Bolton speculated that part of Pyongyang's goal was to stretch the negotiations past the 2008 US presidential election "in hopes of getting an even weaker administration after this."

"My guess is that North Korea will continue its usual pattern of trying to renegotiate" a February 13 deal reached at six-party talks among United States, China, Russia, the two Koreas and Japan.

Hill emphasized that the North Koreans assured him that they would shut down and "disable" their key nuclear reactor under the accord, aimed at ending the regime's nuclear weapons program in return for aid and other guarantees.

A positive signal came on Friday when United Nations atomic agency chief Mohamed ElBaradei announced that UN nuclear inspectors would go to North Korea on Tuesday to discuss how to shut down the Yongbyon reactor.

It will be the first visit by UN inspectors since they were kicked out in late 2002.

Another sign of progress was over the 25 million dollars of allegedly illicit North Korean funds frozen since 2005 in a Macau bank, the Banco Delta Asia (BDA), on American-instigated sanctions.

The US Treasury says it blacklisted BDA on suspicion it was handling the proceeds of North Korean money-laundering and counterfeiting.

Pyongyang had refused to comply with the denuclearization pact until it received all the money, insisting on a transfer rather than a withdrawal to prove it has regained access to the international banking system.

US officials bent over backwards to transfer the tainted funds, even using its own bank, the Federal Reserve Bank of New York, in a complex transaction.

It took months for Washington to clear obstacles preventing the money's return, a move -- according to the New York Times -- fiercely opposed by administration hawks.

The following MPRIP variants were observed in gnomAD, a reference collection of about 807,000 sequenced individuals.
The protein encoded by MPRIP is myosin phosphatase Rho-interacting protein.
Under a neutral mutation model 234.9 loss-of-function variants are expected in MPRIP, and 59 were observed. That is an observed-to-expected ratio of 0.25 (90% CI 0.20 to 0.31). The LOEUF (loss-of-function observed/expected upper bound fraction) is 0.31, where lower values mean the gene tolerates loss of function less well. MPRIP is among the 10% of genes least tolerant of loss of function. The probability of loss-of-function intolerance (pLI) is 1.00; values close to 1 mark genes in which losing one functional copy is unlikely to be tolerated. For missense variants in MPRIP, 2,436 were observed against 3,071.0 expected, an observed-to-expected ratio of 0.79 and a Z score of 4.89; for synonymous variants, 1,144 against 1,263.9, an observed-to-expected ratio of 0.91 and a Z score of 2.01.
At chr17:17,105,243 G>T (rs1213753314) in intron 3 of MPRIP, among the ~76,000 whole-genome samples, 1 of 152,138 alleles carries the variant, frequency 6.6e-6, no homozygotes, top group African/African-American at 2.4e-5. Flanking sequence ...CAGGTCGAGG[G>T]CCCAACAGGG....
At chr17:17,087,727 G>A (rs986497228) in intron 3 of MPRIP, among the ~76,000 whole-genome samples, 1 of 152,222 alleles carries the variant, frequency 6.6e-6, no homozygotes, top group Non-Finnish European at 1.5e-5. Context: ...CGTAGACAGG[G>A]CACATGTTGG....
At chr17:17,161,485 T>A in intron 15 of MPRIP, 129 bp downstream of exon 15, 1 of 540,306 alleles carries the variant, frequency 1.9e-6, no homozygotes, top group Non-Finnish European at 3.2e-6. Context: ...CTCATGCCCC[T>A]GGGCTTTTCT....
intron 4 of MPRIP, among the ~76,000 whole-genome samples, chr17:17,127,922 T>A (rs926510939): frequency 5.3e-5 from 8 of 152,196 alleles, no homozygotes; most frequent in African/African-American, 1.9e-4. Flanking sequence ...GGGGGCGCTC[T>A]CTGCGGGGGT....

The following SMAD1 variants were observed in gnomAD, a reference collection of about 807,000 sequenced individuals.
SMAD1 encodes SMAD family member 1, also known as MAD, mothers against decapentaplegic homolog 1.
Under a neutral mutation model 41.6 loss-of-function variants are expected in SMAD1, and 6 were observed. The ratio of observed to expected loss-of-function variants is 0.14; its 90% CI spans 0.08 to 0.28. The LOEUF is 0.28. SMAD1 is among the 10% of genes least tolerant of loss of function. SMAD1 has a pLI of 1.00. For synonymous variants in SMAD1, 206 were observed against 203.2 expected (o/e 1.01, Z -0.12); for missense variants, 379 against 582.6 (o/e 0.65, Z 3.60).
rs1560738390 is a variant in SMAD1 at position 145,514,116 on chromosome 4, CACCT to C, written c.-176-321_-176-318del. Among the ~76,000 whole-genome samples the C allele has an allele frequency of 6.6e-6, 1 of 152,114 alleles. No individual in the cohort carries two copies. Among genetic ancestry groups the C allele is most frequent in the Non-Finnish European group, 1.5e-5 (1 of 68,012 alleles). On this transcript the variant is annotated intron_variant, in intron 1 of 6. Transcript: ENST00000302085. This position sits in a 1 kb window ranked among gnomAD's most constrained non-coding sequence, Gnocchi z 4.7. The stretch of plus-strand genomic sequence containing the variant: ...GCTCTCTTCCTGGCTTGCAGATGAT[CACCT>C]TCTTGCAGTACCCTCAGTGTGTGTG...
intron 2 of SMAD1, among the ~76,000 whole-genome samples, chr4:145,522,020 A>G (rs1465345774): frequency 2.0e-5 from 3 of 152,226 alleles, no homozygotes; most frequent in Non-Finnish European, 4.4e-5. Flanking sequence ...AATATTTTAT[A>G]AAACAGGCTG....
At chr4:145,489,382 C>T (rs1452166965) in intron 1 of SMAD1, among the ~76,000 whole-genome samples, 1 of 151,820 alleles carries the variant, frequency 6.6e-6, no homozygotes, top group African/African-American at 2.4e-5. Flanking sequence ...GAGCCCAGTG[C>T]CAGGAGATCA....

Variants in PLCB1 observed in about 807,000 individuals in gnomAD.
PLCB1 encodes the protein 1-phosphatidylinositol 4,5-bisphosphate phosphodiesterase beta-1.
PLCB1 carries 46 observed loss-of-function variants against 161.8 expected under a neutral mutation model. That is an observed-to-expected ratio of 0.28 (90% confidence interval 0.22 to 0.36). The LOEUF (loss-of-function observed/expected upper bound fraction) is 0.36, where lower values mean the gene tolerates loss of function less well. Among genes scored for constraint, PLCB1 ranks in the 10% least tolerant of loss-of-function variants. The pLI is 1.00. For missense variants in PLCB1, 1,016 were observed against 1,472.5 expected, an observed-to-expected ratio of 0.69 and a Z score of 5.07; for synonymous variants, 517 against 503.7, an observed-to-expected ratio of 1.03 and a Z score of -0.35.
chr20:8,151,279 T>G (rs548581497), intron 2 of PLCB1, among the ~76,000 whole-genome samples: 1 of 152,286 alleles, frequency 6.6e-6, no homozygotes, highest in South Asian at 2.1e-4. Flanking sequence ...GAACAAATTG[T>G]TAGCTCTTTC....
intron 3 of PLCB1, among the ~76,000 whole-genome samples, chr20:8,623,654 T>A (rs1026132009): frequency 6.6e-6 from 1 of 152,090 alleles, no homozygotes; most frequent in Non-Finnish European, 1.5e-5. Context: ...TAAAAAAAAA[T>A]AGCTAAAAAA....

"America's serial concessions on BDA simply confirm to Pyongyang that (the) State (Department) is well into the 'save the deal' mode, which bodes well for future North Korean efforts to recast it," Bolton said.

"Consider the sequence of administration positions on BDA: Initially, the criminal investigation and the nuclear issue were not supposed to be connected, but the North insisted and the US gave in," he said.

When Bush first came into the White House in 2001, his foreign policy was dominated by neo conservatives, who rejected the entire notion of negotiating with what they called "evil" regimes such as North Korea.

"The fundamental issue that faced the administration from the beginning was whether the object was to overthrow the regime or end the nuclear program, and for some the nuclear program was the issue they would use to change the regime," Cirincione said.

"That approach has failed in Iraq, North Korea and is failing in Iran. What you are seeing is now a recognition by the pragmatists in the administration that that approach is fatally flawed and have to be changed."

Source: Agence France-Presse

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US Chief Negotiator On Surprise North Korea Visit
Seoul (AFP) Jun 21, 2007
US negotiator Christopher Hill flew to North Korea Thursday to push for swift progress on nuclear disarmament, though a Pyongyang official hinted a planned visit by a UN watchdog may be delayed. Hill's mission at Pyongyang's invitation is the highest-level US visit for nearly five years and follows an apparent breakthrough in implementing a February deal to scrap the communist nation's nuclear programmes.